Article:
Juha Helppi Wins the Party Poker Premier League

Juha Helppi Wins the Party Poker Premier League 0001

Former WPT title winner Juha Helppi, of Finland, came through an intense week of league and heads-up poker battles to win the inaugural Party Poker Premier League. Helppi takes away $151,000 ahead of runner-up Eddy Scharf and third placed Phil Hellmuth Jr.

UK Poker News' Irish correspondent, Nicky O'Donnell, has reported from Maidstone all this week through the medium of our leading edge live update tournament reporter and his own wrap-up can be found here.

Nicky's review captures the essence of the event itself so here we will stick to the bare facts of the tournament.

The twelve top-notch starting players, who included 10 times WSOP Gold Bracelet winner, Phil Hellmuth from the US, ended up with the following prize money and finishes:

Juha Helppi (Finland) $151,000

Eddy Scharf (Germany) $91,000

Phil Hellmuth Jr (US) $65,000

Liz Lieu (US) $43,000

Vicky Coren (England) $35,000

Ian Fraser (England) $35,000

Andy Black (Ireland) $18,000

Kenna James (US) $17,000

Kirill Gerasimov (Russia) $17,000

David 'Devilfish' Ulliott (England) $14,000

Tony G (Australia) $7,000

Roland De Wolfe (England) $7,000

This result, especially at the final table, represented an element of revenge for Helppi over Hellmuth. For it was in 2006 that Phil Hellmuth secured his history equalling 10th Gold Bracelet at the expense of the runner-up in that $1,000 Rebuy event, one Juha Helppi.

Helppi says:

"This was not about the money. If I hadn't beaten Phil it would have hurt really bad. This is a big title with a top quality field and it happened as I hit a big landmark in my life (it was Helppi's 30th birthday). I will remember this forever. It is a perfect birthday present."

Phil Hellmuth is a larger-than-life figure in the world of poker so it was no surprise that his play dominated events in the opening stages of this 12-player Party Poker Premier League event. So much so that he went into the final table as chip leader. Yet it was the intense focus of Juha Helppi that left many observers believing that the best player in the week won the tournament.

Helppi continued:

"Phil really wanted to win this one and didn't take it too well. I think I managed to tilt him on one occasion. This does help with losing out on the bracelet and is satisfying because the league structure means that skill was so important."

The final table comprised Phil Hellmuth with 350,000 chips, followed by Eddy Scharf (310,000), Juha Helppi (260,000), Ian Fraser (250,000), Liz Lieu (230,000) and Vicky Coren (200,000). The play progressed for over seven hours. It may have been a surprise that Ian Fraser went out first given his amazing success in TV events at Maidstone having previously secured both the 888 UK Open and the Party Poker European Open here. But out he went.

Phil Hellmuth was giving good value with his table talk. Earlier in the week, his dialogue with professional wordsmiths Tony G and the Devilfish guaranteed good footage in the can for TV. In the end, having been eliminated finally in third place, Hellmuth was able to say:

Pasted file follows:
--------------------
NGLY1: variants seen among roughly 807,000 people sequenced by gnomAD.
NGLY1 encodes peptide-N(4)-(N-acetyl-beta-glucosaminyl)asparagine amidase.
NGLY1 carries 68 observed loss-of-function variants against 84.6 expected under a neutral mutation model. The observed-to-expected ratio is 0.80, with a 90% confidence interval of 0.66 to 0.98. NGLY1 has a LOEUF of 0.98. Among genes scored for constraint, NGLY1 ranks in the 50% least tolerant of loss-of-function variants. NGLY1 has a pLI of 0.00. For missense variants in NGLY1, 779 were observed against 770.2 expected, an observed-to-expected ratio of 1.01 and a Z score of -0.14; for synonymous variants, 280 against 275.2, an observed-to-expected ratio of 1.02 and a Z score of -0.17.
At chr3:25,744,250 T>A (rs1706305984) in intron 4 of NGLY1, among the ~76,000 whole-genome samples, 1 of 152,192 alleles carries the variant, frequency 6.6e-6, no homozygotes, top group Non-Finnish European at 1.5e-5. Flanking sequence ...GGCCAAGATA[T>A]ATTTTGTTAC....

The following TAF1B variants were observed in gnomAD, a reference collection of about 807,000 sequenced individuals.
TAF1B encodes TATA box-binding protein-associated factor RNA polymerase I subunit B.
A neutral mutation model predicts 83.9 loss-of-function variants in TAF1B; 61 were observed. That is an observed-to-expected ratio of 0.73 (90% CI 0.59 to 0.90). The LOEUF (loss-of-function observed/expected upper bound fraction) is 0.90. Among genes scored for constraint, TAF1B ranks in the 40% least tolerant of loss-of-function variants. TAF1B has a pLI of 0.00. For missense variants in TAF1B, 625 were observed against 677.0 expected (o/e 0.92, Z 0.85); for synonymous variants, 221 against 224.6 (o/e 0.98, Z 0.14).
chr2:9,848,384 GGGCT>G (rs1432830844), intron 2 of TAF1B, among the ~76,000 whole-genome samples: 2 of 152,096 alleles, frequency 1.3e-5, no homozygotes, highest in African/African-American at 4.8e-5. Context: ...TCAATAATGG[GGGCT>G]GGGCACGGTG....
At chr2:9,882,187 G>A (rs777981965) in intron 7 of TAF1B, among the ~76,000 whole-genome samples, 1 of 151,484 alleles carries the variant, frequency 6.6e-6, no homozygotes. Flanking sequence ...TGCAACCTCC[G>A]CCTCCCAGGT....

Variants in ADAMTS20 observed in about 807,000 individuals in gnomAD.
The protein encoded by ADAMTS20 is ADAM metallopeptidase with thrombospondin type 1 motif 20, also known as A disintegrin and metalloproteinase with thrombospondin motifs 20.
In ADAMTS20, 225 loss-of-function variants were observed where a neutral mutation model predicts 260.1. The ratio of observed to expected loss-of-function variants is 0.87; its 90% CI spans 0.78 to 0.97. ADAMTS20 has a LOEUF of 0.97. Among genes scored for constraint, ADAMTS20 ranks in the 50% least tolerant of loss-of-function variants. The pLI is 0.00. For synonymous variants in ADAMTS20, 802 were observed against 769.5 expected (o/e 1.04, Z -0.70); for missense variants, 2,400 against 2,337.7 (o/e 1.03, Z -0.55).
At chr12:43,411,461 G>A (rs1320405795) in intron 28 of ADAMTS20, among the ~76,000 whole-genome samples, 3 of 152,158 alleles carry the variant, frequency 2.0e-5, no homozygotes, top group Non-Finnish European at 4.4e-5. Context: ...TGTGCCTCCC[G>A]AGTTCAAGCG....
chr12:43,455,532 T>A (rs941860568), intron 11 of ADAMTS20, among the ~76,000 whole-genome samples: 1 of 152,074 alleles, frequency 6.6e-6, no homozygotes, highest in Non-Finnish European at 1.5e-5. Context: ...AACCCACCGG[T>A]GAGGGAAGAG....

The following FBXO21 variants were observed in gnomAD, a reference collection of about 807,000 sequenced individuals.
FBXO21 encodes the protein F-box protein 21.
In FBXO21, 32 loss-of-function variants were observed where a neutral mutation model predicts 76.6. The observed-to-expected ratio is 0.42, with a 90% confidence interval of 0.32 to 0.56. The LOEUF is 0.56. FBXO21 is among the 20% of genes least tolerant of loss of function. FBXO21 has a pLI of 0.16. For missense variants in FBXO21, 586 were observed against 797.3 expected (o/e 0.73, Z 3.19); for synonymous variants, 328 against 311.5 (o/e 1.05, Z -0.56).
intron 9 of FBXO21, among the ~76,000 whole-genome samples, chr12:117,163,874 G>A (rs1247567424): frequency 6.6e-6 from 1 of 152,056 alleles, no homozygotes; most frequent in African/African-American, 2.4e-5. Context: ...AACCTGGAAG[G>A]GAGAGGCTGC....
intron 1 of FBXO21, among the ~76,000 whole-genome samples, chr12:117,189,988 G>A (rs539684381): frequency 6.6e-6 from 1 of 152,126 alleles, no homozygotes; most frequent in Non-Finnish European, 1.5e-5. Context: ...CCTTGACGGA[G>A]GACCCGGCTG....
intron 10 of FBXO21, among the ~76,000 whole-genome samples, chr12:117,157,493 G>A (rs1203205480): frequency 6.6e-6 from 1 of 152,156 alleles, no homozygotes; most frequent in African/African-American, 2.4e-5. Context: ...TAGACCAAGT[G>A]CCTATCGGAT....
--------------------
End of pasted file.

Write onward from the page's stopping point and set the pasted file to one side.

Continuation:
"I have to give Juha credit, he played very well all week".

That said, the manner of the elimination was tailor-made for a Brattish episode from the "Poker Brat". Hellmuth's kings were cracked by Helppi when the Finn called a $50k raise with 87 offsuit. A 7 on the turn after an 8 appeared on the flop did for Hellmuth's prospects. This was the cue for the following speech:

"You are such a donkey, how could you call a $50,000 re-raise with eight seven off suit? You tried to give me the chip lead!"

Another double Bracelet-holder, German Eddy Scharf (both WSOP titles were won playing limit Omaha), finished second after going all in with 56 suited against the heavily-stacked Juha Helppi's A2 offsuit. It wasn't enough and the Helsinki hotshot took the spoils. The ladies on the table, Liz Lieu and Vicky Coren finished 4th and 5th respectively.

We will leave this event with a few quotes from the participants.

Phil Hellmuth's views were that "Premier League Poker featured a fantastic format filled with skill, twists and turns, great players and made for electric television" while the Devilfish said that "this is a totally different concept and will make great television, it's like a poker Big Brother. It sets a new bar for televised poker"

To give an idea of how well the event was received, Tony G, a recent winner of the $500,000 first prize at the Betfair Asian Open in Singapore, said "the Premier League is the best poker event I have ever played in. A real breakthrough for poker".

High praise indeed but perhaps the last word should be with EPT London winner Vicky Coren who observed less than coyly that "it's the most fun I've had in a room with a group full of men since the summer of 1976…but that is a different story."

Ed note: Play poker on TV every night when you open up an account at Sky Poker

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